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Lynnfield’s success is etched in Stone

Lynnfield girls tennis coach Craig Stone measures success in a variety of ways.


When the Lynnfield girls tennis team takes the court today against Martha’s Vineyard in the Division 3 state semifinal, the objective will certainly be to win.

That never gets old to coach Craig Stone. Not when he’s won more than 1,100 matches when you combine his totals between tennis and wrestling.

But there are other ways to measure success, Stone says. And that is why, after five state titles in tennis— the last being in 2014 — he still has the energy, and the desire, to keep doing this, even at the age of 67, and even after 44 years.

“It never gets old,” said Stone Friday after the Pioneers won their 14th Division 3 North title (24 appearances overall). “I love the competition and the excitement it creates. And I love watching athletes mature. And I love to watch them achieve things.”

“Things” don’t always translate into victories and titles, he says.

“To me, the beauty of it is watching kids become aware enough to make adjustments on their own, to understand the game well enough to be able to do that. That’s success.”

Stone played tennis and wrestled at Springfield College, and then got his master’s in Oregon. Once back in Lynnfield, he taught physical education at the Center School for 44 years before retiring two years ago.

Stone said he has patterned his coaching style after the late John Wooden, who led UCLA to eight straight NCAA men’s basketball titles in the late 1960s and early ‘70s.

“It’s all in the preparation,” he said.

And he has prepared this team well. As freshmen, this group has gone 79-4. Two of those loses have come in the state semifinal against Martha’s Vineyard (in 2015 and 2016) and the two others have come at the hands of Manchester-Essex, the one team around here that, year in and year out, gives the Pioneers a run for their money. This year, Lynnfield got the Hornets, 3-2, thanks to a marathon match involving senior Sarah Mezini and M-E’s Chanel Bullock that Mezini pulled out after losing the first set and coming close to falling in the second (she won it in a tiebreaker).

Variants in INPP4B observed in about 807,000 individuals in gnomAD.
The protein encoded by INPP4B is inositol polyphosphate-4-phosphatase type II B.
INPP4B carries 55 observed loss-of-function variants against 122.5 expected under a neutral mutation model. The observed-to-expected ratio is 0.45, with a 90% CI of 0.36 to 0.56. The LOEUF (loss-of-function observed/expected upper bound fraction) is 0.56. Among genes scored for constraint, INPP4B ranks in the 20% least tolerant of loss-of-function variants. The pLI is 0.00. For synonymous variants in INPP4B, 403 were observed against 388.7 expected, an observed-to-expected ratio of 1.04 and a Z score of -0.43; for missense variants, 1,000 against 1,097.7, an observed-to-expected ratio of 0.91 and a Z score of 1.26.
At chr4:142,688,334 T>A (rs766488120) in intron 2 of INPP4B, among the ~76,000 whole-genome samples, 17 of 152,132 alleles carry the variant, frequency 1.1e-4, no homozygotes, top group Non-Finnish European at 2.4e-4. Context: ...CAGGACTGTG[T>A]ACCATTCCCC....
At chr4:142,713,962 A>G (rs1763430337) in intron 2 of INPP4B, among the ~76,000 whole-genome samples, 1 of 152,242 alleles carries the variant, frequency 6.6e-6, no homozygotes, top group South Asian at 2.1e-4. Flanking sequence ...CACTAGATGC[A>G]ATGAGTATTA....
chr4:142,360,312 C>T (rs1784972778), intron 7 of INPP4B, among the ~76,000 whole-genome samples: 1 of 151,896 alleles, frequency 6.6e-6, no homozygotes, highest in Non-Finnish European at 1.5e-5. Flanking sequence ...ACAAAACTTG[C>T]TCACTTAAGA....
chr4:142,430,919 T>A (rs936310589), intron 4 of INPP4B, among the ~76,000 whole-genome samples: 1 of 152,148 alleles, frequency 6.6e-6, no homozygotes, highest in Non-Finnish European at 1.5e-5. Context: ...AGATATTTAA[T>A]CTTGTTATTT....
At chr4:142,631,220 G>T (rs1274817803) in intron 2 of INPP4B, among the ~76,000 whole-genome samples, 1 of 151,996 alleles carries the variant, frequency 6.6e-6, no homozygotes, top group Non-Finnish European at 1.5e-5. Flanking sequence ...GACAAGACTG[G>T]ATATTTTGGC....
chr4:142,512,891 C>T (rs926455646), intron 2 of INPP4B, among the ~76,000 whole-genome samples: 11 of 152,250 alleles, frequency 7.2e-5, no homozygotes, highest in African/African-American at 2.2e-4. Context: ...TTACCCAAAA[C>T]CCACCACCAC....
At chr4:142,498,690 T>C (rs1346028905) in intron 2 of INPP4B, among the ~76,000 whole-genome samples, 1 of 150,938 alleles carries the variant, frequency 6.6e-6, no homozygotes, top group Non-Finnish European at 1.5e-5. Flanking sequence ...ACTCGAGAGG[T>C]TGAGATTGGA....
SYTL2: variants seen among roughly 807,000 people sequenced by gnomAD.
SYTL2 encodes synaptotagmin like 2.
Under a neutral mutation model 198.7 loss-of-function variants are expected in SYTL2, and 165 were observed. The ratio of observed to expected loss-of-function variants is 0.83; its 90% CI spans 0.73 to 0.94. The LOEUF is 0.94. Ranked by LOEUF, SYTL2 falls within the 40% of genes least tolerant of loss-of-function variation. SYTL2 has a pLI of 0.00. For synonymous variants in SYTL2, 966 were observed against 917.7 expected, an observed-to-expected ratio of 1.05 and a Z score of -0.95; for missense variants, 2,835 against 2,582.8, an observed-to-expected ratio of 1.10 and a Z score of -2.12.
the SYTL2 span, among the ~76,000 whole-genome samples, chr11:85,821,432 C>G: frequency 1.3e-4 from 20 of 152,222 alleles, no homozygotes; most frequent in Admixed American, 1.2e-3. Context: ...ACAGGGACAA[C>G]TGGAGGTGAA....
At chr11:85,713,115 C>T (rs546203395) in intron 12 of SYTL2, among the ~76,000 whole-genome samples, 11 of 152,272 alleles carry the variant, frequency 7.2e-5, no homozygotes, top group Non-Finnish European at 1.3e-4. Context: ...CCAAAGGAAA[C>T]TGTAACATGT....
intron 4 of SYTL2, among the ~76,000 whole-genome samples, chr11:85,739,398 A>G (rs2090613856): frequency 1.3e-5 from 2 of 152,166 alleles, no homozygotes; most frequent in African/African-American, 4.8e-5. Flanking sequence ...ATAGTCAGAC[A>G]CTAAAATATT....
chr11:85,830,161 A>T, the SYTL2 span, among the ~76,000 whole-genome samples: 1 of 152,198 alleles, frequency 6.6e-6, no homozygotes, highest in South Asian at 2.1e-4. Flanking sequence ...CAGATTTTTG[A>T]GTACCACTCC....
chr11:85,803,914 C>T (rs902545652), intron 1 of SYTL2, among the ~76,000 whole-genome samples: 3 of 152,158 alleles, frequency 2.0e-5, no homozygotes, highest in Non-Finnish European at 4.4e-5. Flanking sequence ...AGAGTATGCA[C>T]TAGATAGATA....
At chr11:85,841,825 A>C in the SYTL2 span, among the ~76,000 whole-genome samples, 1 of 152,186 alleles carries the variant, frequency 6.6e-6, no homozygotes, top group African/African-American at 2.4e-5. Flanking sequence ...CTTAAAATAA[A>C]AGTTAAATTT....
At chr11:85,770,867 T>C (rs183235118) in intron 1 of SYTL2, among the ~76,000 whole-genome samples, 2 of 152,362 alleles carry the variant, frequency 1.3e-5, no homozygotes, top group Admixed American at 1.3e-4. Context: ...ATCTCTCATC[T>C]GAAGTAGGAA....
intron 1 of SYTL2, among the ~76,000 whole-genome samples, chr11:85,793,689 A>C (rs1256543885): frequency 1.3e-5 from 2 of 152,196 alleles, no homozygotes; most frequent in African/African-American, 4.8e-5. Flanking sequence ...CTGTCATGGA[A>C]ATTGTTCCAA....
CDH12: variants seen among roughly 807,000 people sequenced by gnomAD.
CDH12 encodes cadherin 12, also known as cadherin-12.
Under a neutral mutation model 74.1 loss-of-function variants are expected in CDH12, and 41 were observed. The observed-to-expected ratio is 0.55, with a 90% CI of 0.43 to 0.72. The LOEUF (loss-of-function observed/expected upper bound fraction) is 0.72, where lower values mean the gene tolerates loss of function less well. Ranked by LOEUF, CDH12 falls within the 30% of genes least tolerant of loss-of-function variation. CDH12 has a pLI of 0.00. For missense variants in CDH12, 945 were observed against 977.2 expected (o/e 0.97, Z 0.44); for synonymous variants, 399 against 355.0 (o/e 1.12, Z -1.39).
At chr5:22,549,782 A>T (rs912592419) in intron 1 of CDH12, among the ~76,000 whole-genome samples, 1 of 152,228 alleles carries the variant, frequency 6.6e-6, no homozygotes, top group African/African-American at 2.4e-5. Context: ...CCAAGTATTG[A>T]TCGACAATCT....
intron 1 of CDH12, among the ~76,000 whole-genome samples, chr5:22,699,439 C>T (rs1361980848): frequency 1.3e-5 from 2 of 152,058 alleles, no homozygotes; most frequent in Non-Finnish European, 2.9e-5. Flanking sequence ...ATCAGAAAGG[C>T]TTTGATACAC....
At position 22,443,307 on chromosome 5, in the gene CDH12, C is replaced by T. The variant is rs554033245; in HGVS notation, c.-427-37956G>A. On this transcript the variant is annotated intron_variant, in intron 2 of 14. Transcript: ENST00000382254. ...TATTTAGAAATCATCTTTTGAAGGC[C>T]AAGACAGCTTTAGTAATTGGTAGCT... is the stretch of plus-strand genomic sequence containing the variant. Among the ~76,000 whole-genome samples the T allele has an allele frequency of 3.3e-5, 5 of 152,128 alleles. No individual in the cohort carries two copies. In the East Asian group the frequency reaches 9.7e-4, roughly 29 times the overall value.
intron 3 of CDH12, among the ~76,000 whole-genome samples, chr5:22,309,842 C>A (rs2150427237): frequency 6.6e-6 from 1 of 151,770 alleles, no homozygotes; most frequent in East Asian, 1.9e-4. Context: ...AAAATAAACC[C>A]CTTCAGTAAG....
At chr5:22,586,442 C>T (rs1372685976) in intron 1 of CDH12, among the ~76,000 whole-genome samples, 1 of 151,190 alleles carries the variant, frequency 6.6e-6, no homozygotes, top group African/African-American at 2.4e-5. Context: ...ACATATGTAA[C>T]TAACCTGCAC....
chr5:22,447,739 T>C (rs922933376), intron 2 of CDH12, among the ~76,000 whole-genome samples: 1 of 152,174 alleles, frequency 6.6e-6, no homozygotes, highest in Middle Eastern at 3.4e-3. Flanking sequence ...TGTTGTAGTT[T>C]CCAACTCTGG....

“That is remarkable,” said Stone of his team’s success. “Over that period of time, it’s truly remarkable.”

Stone preaches continuity. There are 20 players on the 2017 Lynnfield team and only seven of them can play in a match (three singles, and two sets of doubles). The rest watch and wait their turn.

“That’s something else I find remarkable,” he said, “that we have all these players and they’re all OK with watching and waiting their turn.

“But they know,” he said, “that come next year, some of them are going to have to step up and they’re going to have to be ready.”

You might think that wrestling and girls tennis are two of the more incongruous sports for a coach. One involves brute strength and the other a touch of finesse.

Stone was ready for the question.

“I get asked that all the time,” he said. “But think about it. They’re both team sports with an individual side to them.”

Where wrestling is all centered around individuals competing for the team, tennis, Stone said, is different.

“In tennis, you may find yourself paired in doubles with someone you’ve never had to play with before,” he said. “That takes a certain amount of adjusting.”

There are differences, though.

“In wrestling, it’s whistle to whistle, and once the whistle blows to start, there’s not a lot of time to think. In tennis, there’s a lot of time to think.”

The other difference is in the mindset of the athletes.

“Boys tend to be a bit more in the moment,” he said. “They come in, they work hard, and there’s really no room for discussion. Girls might be a little more tuned into what’s happening around them.”


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